Contemporary Realism Still Life - Devin Cecil-Wishing (b. 1981), "Rhea," 2023, oil on linen, 24 x 18 in., private collection
Devin Cecil-Wishing, "Rhea," 2023, oil on linen, 24 x 18 in., private collection

There is a lot of superb contemporary realism being made these days; this article by Allison Malafronte shines light on a gifted individual.

Devin Cecil-Wishing (b. 1981) is one of hundreds of millennial-aged artists who, despite living in a tech-centric, modern culture, found their way to a classical atelier that still teaches Old Master methods and materials. That school is the well-known Grand Central Atelier in New York City, but that was not Cecil-Wishing’s starting point for his art training and career.

That goes back more than a decade prior when, after discovering the work of underground cartoonist R. Crumb (b. 1943), he attended the San Francisco School of the Arts High School. Cecil-Wishing went on to study illustration at what is now called California College of the Arts, where he developed an interest in 1960s poster art, surrealism, and wildlife art. After graduation, a trip to the Netherlands brought Cecil-Wishing face-to-face with Rembrandt’s “The Anatomy Lesson of Dr. Nicolaes Tulp at the Mauritshuis, and he had an epiphany: he loved traditional painting. Returning to San Francisco, he studied at the Atelier School of Classical Realism in Oakland and then in 2009 made his way to Grand Central, where he currently teaches and paints.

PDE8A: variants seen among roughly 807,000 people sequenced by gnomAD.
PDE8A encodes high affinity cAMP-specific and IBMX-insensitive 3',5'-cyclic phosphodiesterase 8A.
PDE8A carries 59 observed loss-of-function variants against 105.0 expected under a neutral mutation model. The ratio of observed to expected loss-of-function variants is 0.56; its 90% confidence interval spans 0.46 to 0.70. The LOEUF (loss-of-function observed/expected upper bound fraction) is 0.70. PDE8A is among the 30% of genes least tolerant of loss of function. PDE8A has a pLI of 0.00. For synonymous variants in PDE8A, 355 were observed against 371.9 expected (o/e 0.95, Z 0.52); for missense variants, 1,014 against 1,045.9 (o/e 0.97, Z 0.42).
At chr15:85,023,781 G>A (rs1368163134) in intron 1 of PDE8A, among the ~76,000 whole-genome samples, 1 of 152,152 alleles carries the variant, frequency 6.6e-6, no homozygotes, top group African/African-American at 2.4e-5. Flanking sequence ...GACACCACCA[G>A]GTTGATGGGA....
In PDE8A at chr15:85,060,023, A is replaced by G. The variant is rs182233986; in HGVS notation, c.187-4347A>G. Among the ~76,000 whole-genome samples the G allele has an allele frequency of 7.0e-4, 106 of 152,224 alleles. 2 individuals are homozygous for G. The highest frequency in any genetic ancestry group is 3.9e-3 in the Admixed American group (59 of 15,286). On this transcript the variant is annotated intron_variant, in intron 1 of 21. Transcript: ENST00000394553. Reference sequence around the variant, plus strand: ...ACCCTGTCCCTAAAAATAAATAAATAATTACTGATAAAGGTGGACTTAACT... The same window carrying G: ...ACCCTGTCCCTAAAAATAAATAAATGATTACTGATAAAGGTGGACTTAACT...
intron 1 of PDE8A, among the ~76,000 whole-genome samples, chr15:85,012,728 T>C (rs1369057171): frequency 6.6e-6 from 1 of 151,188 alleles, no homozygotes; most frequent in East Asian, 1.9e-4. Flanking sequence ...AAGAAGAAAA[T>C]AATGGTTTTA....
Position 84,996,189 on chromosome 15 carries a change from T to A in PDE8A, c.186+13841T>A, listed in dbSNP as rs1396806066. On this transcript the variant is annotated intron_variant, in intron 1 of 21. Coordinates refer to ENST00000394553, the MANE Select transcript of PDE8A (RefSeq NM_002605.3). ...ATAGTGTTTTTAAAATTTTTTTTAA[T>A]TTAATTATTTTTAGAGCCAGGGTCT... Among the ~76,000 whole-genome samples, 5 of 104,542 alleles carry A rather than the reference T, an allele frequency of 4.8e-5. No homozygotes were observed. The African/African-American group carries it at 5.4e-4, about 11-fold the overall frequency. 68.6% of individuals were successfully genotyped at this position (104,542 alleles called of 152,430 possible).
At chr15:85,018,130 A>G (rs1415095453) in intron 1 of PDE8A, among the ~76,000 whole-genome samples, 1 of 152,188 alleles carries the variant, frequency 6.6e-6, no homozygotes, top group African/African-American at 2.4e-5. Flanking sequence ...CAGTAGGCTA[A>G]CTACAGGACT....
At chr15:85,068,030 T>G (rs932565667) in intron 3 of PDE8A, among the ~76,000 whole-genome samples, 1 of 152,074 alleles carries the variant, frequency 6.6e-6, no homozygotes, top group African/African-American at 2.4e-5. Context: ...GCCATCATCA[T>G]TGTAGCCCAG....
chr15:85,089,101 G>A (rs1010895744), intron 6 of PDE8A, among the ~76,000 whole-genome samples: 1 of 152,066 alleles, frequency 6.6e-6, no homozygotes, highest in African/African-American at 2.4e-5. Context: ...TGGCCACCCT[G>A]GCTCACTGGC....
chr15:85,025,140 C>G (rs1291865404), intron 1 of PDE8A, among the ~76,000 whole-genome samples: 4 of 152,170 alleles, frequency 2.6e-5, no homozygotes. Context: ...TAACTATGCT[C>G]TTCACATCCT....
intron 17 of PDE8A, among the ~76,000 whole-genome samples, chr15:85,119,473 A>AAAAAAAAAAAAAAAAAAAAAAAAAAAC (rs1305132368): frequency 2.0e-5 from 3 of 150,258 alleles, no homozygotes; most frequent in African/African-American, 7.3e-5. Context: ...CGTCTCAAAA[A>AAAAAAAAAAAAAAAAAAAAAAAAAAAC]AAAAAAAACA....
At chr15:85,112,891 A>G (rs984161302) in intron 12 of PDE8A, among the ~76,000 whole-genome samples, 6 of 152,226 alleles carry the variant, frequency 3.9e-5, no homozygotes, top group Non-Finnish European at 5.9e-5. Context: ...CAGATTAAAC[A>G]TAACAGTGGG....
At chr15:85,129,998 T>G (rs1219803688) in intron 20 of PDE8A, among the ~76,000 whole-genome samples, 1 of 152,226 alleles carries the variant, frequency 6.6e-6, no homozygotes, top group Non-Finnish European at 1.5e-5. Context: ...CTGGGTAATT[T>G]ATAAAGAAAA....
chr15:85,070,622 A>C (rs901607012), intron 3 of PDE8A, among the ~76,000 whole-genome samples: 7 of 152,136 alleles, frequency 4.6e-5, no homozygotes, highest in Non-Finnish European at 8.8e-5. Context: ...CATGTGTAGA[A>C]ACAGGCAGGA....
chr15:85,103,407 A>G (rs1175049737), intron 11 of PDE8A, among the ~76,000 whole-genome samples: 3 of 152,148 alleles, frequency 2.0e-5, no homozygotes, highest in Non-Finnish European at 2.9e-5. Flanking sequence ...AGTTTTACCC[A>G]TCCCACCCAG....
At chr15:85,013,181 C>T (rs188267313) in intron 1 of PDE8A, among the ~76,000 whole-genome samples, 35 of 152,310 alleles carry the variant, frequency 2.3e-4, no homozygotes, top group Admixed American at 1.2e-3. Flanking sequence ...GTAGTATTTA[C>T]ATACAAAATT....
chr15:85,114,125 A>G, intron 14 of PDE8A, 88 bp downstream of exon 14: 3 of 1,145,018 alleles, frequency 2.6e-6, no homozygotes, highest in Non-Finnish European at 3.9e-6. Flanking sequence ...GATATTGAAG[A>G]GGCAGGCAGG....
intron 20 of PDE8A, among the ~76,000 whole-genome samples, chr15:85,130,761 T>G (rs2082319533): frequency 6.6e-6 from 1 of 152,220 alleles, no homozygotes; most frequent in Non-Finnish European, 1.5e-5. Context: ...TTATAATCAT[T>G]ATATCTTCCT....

Still one for curiosity-satisfying travel to fill his creative cup, Cecil-Wishing painted “Rhea” (illustrated above) after another museum-inspired aha moment. “The main inspiration for this piece was an experience I had this past summer while visiting the Kunsthistoriches Museum in Vienna,” the artist explains. “I found myself surrounded by Peter Paul Rubens and Frans Snyders paint-ings when I was suddenly struck by a realization that painting is an entire language, existing completely apart from the visual world in front of us. Just as the word ‘horse’ bears little resemblance to an actual horse, a painting of a horse needn’t necessarily be a recreation of the optical appearance of seeing a horse at all. Rather, it may just need to form the visual idea of a horse in a convincing enough way to make the viewer believe it is real.”

Cecil-Wishing continues, “It suddenly occurred to me that a depiction of an object could be absolutely, convincingly believable, while simultaneously bearing little to no resemblance at all to the optical experience of looking at the real thing. There was a language being spoken in the canvases in front of me — one which we can all somehow read, despite the fact that so few can actually speak it. Much of what inspires me to paint is the idea of learning to speak in the language of painting, as fluently and deeply as possible. ‘Rhea’ is an exercise in that realization.”

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This article was originally published in Fine Art Connoisseur magazine (subscribe here).